Pioneers to the Past: American Archaeologists in the Middle East, 1919–20

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Breasted's 1919-1920 Expedition to the Near East
(1,875 Photographs)

“Pioneers to the Past: American Archaeologists in the Middle East, 1919-1920,” will be on display at the Oriental Institute from January 12 through August 29, 2010. The exhibit follows Illinois native James Henry Breasted's daring travels through Egypt and Mesopotamia in the unstable aftermath of World War I. Breasted, a leading Egyptologist, was the founder of the Oriental Institute at the University of Chicago, and this journey was the first Oriental Institute project. The goals of his ambitious expedition were to acquire artifacts for the new Institute and to select sites for later excavation.

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Breasted's story is told by never-before-exhibited photos, artifacts, letters, and archival documents including his elaborate passport and even the wind-torn American flag that he carried on the trip. His journey placed him in the Middle East at a pivotal time when the region was occupied by British and French troops who opposed the first stirrings of nationalism that ultimately created the states of the modern Middle East. Breasted's letters refer to the luminaries of the time, many of whom he met on this trip - Faysal, king of the Arab State who later became the first king of Iraq; Gertrude Bell who founded the Iraq National Museum in Baghdad; Lord Allenby, High Commissioner of Egypt and general who recaptured Jerusalem and Damascus during the war; and T. E. Lawrence "of Arabia" whose Arab forces worked alongside Allenby. For much of the itinerary, Breasted and his four companions travelled by steamship, train, horse, cart, biplane, and Model-T Fords.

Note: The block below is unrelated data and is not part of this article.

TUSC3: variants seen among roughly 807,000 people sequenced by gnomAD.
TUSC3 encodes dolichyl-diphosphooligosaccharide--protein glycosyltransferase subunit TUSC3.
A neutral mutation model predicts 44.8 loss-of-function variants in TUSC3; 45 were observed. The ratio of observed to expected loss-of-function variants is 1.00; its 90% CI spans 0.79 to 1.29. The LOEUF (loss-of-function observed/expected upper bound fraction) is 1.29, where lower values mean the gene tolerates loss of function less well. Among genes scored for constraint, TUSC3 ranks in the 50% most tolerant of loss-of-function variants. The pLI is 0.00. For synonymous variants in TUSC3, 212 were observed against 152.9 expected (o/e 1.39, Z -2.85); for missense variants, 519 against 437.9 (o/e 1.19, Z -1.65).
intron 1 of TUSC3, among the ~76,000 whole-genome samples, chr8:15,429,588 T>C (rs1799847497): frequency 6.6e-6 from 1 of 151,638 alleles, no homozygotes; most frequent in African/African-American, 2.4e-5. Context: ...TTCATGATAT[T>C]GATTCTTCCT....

The story of the expedition is told in two voices. The first is Breasted's own, excerpted from his detailed letters. The events of the expedition are paired with the second voice - a modern commentary that considers changes in attitudes, laws, and archaeology over the past ninety years. Visitors follow the events of Breasted's travels, but at the same time they explore larger issues about the relationship of the past to the present, of archaeology and politics, and the relationship of America and the Middle East - questions that are vital to understanding America's role in the Middle East today. Exhibit Curator and Museum Director Geoff Emberling commented, "The exhibit highlights Breasted's ambition, tells a great adventure story, and makes us think about foreign involvement in the Middle East. The parallels between the First World War and today are striking."

Breasted made important purchases of antiquities during his trip. Excerpts from his letters that describe the dealers and his negotiations are juxtaposed to objects, most of which have not been exhibited for decades. The commentary explores the antiquities trade and raises the question of the importance of artifacts for national identities, for at the time of the expedition, Egyptian nationalists had began to contest foreign control of their past.

Oriental Institute Director Gil Stein added "This exhibit gives us a fascinating glimpse of a pivotal moment in history - the birth of the modern Middle East as we know it today, and at the same time, the genesis of modern archaeological research in the cradle of civilization. Its one of the best examples I know of the ways that scholarship and politics interconnect in important and unexpected ways."

The exhibit is accompanied by a fully-illustrated catalogue with essays by noted archaeologists and historians as well as a reprint of the biography of Breasted written by his son.

"Who Owns the Past," a free public forum in conjunction with Pioneers to the Past will be presented at the Oriental Institute at 2pm on Saturday, May 1, 2010. Cosponsored by the Oriental Institute and the Chicago Chapter of the Archaeological Institute of America, the forum's speakers include: James Cuno, President and Director of the Art Institute of Chicago: Geoff Emberling, Chief Curator, Oriental Institute Museum: Gil Stein, Director of the Oriental Institute and Professor of Near Eastern Archaeology, University of Chicago; and Carlos Tortelero, President of Chicago's National Museum of Mexican Art. Pre-registration required. To pre-register, call 773-702-9507 or e-mail oi-education@uchicago.edu

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The Oriental Institute Museum is located at 1155 East 58th Street, Chicago. The Museum is open Tuesday, Thursday through Saturday from 10 a.m. to 6:00 p.m., Wednesday from 10:00 a.m. to 8:30 p.m., and Sunday from noon to 6:00 p.m. Suggested donation for admission is $7 for adults, $4 for children. For information, call (773) 702-9514.

This exhibit supported by:
Exelon

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